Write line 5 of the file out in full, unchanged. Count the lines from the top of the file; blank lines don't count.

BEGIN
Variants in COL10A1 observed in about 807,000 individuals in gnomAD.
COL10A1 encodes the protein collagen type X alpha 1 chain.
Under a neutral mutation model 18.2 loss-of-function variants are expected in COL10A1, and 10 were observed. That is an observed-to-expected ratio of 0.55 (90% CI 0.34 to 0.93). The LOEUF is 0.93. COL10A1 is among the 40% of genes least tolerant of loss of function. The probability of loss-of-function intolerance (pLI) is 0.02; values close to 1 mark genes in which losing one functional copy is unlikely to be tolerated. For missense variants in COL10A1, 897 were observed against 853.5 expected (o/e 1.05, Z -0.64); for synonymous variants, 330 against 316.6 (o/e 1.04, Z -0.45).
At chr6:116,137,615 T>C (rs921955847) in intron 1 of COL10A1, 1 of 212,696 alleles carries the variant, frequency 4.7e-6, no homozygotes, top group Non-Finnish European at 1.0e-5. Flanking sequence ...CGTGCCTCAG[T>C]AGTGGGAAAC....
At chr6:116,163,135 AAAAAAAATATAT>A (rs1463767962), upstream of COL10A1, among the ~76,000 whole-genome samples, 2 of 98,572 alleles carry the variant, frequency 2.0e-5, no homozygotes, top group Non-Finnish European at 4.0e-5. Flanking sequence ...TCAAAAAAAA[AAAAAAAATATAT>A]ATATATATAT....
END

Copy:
At chr6:116,163,135 AAAAAAAATATAT>A (rs1463767962), upstream of COL10A1, among the ~76,000 whole-genome samples, 2 of 98,572 alleles carry the variant, frequency 2.0e-5, no homozygotes, top group Non-Finnish European at 4.0e-5. Flanking sequence ...TCAAAAAAAA[AAAAAAAATATAT>A]ATATATATAT....